Definition of contentious in English:

contentious

Syllabification: con·ten·tious
Pronunciation: /kənˈtenCHəs
 
/

adjective

1Causing or likely to cause an argument; controversial: a contentious issue
More example sentences
  • The most contentious issue is likely to be a provision encouraging commissioners to facilitate voluntary co-operation by witness to be heard in private.
  • Of course controversies and contentious issues have emerged.
  • As I stated in the opening paragraph of my article, the issue is contentious and controversial.
Synonyms
controversial, disputable, debatable, disputed, open to debate, vexed
1.1Involving heated argument: the socioeconomic plan had been the subject of contentious debate
More example sentences
  • Citizenship is centred on the notion of autonomous individuals - by definition, adults - making choices about who runs the government and engaging in contentious debate.
  • We're covering all sides of this very contentious debate.
  • The development of regulations and guidelines for the emerging technologies has led to a contentious public debate about genetic engineering.
Synonyms
heated, vehement, fierce, violent, intense, impassioned
1.2(Of a person) given to arguing or provoking argument: a contentious amateur politician who has offended minority groups
More example sentences
  • A small, dark, contentious people known as the Picts held sway over the islands until the eighth and ninth centuries, when Viking invaders arrived.
  • I don't like breaches and I am not a particularly contentious person at all, but if my back is against the wall I can certainly muster all my inner forces.
  • At about the same time, the Pentagon's exultation of a contentious personality reflected an increasingly codified belief in speed.
1.3 Law Relating to or involving differences between contending parties.
More example sentences
  • It is not easy for third parties to intervene in bilateral contentious litigation.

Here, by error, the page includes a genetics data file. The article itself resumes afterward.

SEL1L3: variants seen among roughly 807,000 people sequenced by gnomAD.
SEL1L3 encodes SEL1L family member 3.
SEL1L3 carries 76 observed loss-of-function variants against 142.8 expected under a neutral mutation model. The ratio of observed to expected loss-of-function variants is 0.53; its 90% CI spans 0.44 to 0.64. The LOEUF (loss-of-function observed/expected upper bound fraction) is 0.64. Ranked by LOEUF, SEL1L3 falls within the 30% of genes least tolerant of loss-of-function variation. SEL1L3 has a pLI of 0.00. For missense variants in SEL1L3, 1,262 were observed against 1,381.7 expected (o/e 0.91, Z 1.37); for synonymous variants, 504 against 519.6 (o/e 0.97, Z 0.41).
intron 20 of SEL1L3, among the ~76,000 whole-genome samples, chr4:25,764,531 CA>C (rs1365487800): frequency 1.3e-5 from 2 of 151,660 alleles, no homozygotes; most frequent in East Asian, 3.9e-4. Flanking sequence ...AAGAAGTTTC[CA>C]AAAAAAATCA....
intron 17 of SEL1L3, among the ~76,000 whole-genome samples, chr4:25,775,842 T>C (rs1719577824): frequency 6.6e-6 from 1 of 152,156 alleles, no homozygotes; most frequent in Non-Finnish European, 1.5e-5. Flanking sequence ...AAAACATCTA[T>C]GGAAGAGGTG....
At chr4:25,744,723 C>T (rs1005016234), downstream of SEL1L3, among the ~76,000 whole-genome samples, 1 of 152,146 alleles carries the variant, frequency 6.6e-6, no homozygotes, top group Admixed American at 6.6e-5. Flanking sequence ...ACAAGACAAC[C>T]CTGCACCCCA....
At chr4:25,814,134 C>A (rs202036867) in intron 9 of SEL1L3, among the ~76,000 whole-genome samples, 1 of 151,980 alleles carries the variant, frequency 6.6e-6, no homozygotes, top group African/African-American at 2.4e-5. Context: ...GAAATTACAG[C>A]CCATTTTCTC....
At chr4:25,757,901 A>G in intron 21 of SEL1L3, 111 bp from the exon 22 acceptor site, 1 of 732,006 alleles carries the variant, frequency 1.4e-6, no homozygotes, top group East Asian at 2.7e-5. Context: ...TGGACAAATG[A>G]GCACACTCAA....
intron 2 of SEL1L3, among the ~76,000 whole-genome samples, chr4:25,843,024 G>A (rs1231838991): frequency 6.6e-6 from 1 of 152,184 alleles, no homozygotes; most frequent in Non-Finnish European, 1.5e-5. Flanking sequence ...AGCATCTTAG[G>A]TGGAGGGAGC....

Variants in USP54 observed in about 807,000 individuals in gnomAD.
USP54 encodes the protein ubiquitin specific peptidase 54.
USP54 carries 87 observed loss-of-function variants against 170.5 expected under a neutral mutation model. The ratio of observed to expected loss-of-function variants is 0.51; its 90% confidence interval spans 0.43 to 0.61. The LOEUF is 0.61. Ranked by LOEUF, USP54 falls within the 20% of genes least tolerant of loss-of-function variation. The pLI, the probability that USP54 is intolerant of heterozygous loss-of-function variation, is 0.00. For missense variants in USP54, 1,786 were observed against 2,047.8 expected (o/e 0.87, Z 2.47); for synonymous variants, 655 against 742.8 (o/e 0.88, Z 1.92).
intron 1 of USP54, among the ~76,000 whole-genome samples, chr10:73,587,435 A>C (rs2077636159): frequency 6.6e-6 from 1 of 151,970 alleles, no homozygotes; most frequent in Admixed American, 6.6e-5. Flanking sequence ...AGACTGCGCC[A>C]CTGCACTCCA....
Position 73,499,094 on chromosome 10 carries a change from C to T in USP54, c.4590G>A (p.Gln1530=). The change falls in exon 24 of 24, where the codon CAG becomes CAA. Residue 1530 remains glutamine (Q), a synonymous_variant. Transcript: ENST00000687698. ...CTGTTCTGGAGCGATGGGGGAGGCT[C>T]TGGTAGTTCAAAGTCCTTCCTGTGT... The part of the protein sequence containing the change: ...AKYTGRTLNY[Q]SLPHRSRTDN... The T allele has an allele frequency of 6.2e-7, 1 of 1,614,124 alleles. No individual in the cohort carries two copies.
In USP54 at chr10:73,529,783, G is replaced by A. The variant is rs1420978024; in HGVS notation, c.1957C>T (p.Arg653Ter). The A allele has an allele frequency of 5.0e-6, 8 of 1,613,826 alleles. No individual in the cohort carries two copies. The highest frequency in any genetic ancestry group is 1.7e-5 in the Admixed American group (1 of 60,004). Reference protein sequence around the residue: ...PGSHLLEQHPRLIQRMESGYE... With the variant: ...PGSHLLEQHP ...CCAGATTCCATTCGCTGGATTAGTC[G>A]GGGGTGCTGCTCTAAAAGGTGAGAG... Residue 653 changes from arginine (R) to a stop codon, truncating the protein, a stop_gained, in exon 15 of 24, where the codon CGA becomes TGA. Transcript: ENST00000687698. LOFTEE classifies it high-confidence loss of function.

• My Lord, you will be aware of the contentious nature of this litigation between the parties.
  • They are inapplicable to orders made by a court of unlimited jurisdiction in the course of contentious litigation.

Origin

late Middle English: from Old French contentieux, from Latin contentiosus, from content- 'striven', from the verb contendere.

Derivatives

contentiously

adverb
More example sentences
  • The favoured date for the foundation of St Peter's is AD 627, even though one commentator contentiously describes this as ‘the stuff of legend’.
  • It portrays the West falsely and contentiously.
  • Or was he, more contentiously, acting as an agent for someone else?

contentiousness

noun
More example sentences
  • The contentiousness also reached Washington, where the Justice Department approved the plan although staff lawyers concluded that it diluted minority voting rights.
  • The concern is not with the way scientists and geographers parcel out land in manageable pieces, although this is where the contentiousness surrounding bioregionalism resides.
  • Despite the contentiousness of her vacation behavior, it is still my opinion that she should have been allowed to continue as a newscaster in Youngstown.

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